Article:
Community feels

Admittedly, after me ranting about the sheer masses of people this might sound off, but I still felt an extraordinary sense of community amongst everybody I met. People were open, genuine and without an exception very interesting and also interested. The Women in Tech group I was part of actively connected through Facebook and organised spontaneous quick meet-ups around and it was wonderful to be part of that.

Losing its focus

The large variety of attendees and topics are great and super interesting on the one side, on the other hand, they tend to make the content a bit too varied, too superficial and not specific enough for the pros of the respective industry, as they aim to serve a much larger crowd. Admittedly, I'm not the tech person per se, so I couldn't tell the significance of many of the topics discussed in that regard, but I heard plenty of disappointed voices of "watered down" content. Considering the areas of my expertise, I can agree with that unfortunately, basically anything that had anything remotely to do with influencer marketing was a complete waste of time. Also I felt like a bunch of the speakers were only there for the name. Like, great that you had a big youtuber like Meredith Foster there, but with all due respect, that girl had absolutely nothing to say that was in any way relevant to anybody there, except maybe her fanposse.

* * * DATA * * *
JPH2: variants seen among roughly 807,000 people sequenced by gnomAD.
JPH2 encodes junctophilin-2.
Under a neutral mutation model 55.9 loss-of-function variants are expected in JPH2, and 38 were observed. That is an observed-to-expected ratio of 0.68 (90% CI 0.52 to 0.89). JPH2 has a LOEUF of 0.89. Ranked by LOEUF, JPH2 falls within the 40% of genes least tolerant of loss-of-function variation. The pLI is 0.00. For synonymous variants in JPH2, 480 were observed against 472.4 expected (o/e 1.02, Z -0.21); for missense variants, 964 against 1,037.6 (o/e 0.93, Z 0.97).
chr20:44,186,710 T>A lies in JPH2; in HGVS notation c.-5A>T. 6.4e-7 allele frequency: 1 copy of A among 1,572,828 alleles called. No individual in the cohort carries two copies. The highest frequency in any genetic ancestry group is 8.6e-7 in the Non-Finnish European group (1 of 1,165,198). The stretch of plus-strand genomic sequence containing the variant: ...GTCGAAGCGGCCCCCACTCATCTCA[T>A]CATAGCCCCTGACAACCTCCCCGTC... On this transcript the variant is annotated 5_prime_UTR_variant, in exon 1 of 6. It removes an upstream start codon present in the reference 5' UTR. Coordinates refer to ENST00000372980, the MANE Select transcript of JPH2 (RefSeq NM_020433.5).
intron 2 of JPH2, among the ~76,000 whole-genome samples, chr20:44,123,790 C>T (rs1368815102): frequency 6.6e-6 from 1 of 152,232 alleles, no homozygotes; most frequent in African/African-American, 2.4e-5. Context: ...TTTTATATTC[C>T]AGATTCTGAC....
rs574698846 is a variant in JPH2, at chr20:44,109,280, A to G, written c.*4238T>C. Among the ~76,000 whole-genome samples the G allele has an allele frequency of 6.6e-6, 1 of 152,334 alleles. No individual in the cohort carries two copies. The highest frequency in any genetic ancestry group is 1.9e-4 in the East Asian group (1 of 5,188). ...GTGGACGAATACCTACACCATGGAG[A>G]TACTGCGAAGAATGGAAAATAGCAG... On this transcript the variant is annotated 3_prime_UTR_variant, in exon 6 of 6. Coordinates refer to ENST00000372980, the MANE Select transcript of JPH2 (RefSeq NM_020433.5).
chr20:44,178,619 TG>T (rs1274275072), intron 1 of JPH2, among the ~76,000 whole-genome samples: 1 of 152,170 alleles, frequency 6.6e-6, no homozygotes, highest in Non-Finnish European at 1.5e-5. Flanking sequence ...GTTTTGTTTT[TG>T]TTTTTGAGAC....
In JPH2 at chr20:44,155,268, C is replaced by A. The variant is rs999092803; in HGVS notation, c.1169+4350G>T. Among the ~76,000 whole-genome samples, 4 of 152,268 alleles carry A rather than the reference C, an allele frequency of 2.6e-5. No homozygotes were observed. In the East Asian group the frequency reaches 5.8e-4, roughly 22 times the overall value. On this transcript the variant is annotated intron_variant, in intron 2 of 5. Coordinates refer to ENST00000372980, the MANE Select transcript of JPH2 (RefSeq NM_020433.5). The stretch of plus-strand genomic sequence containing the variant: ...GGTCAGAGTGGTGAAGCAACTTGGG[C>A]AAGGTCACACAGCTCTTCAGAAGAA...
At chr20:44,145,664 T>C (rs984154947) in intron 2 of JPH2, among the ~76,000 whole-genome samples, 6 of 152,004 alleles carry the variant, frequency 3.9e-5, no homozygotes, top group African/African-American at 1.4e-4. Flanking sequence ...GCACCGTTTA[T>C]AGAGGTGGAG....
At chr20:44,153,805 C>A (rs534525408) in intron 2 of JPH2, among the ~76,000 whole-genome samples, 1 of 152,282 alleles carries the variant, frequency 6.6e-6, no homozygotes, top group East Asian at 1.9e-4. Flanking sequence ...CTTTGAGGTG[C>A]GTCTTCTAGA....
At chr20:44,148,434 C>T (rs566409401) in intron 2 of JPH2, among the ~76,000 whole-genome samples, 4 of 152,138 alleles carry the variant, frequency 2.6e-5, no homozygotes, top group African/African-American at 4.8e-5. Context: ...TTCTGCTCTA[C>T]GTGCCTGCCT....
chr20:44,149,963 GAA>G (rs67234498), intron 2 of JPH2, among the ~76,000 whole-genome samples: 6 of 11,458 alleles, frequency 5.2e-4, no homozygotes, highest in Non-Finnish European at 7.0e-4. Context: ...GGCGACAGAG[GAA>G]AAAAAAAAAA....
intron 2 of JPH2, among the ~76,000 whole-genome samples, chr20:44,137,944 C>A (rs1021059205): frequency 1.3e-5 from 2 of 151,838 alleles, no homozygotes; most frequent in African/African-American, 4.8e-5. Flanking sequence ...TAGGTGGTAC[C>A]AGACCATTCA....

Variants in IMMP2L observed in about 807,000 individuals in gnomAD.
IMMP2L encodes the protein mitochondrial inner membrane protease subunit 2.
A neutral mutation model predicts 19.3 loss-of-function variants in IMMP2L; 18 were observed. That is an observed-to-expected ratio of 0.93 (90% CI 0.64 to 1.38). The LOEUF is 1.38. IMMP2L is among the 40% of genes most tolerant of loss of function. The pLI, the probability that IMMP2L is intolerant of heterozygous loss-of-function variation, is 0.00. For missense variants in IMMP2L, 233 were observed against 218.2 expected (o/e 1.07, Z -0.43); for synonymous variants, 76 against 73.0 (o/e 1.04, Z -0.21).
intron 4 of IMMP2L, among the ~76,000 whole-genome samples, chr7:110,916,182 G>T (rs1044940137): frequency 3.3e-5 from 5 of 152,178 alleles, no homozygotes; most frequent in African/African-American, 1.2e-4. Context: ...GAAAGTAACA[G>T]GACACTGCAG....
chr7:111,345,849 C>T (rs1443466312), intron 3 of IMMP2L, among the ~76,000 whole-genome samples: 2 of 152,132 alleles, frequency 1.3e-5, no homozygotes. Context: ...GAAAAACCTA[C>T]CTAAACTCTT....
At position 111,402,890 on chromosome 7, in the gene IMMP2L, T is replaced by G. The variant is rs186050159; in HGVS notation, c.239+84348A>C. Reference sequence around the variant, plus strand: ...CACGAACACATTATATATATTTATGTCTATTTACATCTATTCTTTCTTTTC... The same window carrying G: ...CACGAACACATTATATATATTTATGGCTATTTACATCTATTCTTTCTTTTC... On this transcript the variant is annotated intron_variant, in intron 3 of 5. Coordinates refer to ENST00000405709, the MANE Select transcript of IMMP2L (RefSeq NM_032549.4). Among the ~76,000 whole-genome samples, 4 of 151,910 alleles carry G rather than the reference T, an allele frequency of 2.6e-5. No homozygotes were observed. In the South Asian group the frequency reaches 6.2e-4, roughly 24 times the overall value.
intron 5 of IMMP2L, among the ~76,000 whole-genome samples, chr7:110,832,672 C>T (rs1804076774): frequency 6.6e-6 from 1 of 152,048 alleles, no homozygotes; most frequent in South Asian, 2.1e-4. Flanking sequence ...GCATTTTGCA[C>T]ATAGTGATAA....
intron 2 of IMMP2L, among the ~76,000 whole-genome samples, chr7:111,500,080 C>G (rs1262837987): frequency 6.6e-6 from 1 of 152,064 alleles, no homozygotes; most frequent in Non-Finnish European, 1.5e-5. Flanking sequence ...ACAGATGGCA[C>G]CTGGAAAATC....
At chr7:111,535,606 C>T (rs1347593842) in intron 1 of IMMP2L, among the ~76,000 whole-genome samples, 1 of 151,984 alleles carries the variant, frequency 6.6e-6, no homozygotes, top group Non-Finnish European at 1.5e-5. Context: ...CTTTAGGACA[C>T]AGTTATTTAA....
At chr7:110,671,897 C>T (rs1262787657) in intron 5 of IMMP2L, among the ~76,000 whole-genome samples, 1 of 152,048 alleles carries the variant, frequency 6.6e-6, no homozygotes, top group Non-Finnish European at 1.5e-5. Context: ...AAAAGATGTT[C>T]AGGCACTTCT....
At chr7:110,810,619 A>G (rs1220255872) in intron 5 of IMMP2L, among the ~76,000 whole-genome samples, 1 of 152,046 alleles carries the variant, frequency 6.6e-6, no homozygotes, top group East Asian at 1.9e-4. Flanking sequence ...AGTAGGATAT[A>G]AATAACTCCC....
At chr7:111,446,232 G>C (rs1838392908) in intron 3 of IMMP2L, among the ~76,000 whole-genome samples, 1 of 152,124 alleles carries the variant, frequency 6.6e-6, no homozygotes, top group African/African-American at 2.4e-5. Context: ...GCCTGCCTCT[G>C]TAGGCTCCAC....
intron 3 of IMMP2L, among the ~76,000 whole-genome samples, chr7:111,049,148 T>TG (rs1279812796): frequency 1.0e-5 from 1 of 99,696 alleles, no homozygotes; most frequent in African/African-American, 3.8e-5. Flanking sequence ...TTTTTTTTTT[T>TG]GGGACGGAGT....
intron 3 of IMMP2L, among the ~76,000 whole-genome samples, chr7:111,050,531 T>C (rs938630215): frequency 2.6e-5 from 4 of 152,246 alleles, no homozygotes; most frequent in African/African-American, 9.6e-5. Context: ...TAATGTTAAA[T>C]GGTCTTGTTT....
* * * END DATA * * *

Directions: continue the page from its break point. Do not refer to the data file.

Session length and disruptive agenda

Almost all the sessions were ridiculously short. The majority of talks and panels were just 20 minutes long, which is honestly a bit silly. Especially with amazing speakers that have so much great input to give, 20 minutes is nothing - especially for a panel when you have several people up there. I felt like I was just getting into the topic in that time and like I was kinda left hanging when they ended.

There were not even a few minute breaks between the talks, so that if you wanted to see a talk that happened to be at a different stage, you had to either leave the first one early or miss the beginning of the second. I personally attended mainly for the talks and the content provided, but I don't feel like I could really get invested in any of it because I was just running from one stage to another all the time.

I'm not aware of their organisation, but being in the event and conference industry myself, I was wondering how they would waste a speaker budget on 20-minute sessions - although many speakers were booked for two or more sessions throughout the event.